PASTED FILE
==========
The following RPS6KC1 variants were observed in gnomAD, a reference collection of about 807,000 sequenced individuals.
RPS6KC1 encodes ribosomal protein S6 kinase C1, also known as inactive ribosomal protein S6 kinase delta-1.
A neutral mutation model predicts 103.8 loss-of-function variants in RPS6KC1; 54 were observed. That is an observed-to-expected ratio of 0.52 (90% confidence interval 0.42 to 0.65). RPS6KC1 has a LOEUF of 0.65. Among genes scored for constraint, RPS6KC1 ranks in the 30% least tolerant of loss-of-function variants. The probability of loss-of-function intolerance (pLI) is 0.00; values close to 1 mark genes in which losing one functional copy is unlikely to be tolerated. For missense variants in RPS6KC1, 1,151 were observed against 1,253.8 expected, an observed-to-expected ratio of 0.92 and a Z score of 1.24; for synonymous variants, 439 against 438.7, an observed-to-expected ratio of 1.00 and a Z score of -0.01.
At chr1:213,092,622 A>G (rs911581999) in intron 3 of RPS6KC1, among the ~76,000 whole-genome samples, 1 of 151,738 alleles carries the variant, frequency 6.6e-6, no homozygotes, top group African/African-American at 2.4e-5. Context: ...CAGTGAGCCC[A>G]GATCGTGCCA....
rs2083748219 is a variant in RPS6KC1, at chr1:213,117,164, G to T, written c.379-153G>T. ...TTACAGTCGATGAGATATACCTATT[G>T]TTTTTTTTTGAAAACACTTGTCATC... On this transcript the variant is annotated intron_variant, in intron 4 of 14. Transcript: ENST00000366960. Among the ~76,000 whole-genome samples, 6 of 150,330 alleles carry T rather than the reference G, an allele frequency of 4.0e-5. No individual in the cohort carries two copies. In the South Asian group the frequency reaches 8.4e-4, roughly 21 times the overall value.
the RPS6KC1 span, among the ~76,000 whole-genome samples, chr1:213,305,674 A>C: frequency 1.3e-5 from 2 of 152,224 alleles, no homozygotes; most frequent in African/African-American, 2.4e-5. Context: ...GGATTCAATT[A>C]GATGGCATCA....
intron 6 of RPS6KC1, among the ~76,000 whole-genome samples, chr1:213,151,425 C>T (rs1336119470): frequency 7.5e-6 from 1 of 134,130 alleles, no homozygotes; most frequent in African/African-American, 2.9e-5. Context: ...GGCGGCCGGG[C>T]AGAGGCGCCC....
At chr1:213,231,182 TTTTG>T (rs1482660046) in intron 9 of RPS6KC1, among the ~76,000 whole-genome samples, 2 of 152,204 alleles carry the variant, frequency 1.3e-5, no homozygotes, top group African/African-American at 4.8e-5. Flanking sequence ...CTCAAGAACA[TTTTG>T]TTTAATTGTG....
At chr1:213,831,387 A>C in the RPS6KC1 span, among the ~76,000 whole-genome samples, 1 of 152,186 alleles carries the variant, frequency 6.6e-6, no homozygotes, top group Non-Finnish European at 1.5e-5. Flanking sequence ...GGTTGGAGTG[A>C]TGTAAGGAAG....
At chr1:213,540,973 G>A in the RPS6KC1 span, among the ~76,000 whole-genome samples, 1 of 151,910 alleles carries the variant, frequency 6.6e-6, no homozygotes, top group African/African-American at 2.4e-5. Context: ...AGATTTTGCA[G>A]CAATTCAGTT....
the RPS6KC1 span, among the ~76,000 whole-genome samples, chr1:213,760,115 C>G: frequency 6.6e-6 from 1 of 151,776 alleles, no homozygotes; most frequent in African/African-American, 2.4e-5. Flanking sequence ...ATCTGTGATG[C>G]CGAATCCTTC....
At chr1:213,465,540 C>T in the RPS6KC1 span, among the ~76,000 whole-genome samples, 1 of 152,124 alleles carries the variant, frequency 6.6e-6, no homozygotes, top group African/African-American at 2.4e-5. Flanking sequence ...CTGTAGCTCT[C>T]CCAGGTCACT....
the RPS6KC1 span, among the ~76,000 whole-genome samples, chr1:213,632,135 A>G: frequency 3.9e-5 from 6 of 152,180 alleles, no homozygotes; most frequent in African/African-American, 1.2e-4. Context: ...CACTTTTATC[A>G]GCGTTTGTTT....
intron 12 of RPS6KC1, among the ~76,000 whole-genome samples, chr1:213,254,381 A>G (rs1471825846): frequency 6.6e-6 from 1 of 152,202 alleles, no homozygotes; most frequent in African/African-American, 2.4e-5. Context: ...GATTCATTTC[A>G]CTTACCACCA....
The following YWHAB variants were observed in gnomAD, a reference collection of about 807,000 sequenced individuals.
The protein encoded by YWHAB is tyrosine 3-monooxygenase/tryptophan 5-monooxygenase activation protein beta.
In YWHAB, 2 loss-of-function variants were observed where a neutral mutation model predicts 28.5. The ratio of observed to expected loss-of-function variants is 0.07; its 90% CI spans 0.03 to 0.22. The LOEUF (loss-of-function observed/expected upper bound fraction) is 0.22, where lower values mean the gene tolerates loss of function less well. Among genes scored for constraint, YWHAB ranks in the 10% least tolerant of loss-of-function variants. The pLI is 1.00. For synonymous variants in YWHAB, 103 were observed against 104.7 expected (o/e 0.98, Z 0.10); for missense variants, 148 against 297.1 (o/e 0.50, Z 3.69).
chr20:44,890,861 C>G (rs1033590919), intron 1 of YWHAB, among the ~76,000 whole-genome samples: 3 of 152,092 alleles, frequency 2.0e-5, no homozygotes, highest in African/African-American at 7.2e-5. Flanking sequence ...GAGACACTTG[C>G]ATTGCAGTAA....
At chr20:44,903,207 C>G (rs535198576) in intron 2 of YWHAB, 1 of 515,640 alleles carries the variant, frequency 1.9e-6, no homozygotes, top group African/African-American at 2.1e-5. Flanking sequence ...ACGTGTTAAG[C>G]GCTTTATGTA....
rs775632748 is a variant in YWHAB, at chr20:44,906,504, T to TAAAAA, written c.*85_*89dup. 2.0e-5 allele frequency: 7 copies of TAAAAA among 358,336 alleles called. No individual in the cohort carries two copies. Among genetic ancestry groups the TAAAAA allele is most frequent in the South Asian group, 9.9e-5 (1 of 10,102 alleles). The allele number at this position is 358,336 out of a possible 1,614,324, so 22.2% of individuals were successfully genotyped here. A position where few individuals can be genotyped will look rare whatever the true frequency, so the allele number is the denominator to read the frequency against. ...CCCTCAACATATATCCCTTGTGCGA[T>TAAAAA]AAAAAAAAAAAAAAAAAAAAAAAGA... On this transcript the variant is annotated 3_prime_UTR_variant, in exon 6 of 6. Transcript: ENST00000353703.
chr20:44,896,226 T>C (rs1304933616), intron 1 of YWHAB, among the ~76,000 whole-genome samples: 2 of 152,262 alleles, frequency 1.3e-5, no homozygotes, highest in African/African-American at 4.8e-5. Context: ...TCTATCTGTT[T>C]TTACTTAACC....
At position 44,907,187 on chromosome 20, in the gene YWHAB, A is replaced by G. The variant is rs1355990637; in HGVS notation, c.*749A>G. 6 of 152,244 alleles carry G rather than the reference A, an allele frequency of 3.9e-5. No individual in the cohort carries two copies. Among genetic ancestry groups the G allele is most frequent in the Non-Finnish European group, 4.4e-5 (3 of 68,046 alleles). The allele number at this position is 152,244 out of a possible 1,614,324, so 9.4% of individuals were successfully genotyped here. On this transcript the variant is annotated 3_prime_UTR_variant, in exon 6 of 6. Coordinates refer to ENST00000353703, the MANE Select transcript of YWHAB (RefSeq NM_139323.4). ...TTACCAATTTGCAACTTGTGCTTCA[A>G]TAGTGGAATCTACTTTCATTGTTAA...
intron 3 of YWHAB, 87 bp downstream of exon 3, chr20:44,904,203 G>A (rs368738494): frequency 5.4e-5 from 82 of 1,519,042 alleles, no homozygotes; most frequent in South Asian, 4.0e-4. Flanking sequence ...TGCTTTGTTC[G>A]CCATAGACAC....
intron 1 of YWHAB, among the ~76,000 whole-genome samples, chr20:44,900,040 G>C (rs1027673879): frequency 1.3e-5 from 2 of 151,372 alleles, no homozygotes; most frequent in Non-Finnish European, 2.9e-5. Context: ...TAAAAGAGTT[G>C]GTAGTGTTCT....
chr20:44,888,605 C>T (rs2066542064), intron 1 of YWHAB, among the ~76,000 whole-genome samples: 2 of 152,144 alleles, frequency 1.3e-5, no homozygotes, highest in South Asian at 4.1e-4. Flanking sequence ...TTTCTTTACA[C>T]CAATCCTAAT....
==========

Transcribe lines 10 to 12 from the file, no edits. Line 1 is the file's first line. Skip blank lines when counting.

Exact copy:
At chr1:213,540,973 G>A in the RPS6KC1 span, among the ~76,000 whole-genome samples, 1 of 151,910 alleles carries the variant, frequency 6.6e-6, no homozygotes, top group African/African-American at 2.4e-5. Context: ...AGATTTTGCA[G>A]CAATTCAGTT....
the RPS6KC1 span, among the ~76,000 whole-genome samples, chr1:213,760,115 C>G: frequency 6.6e-6 from 1 of 151,776 alleles, no homozygotes; most frequent in African/African-American, 2.4e-5. Flanking sequence ...ATCTGTGATG[C>G]CGAATCCTTC....
At chr1:213,465,540 C>T in the RPS6KC1 span, among the ~76,000 whole-genome samples, 1 of 152,124 alleles carries the variant, frequency 6.6e-6, no homozygotes, top group African/African-American at 2.4e-5. Flanking sequence ...CTGTAGCTCT[C>T]CCAGGTCACT....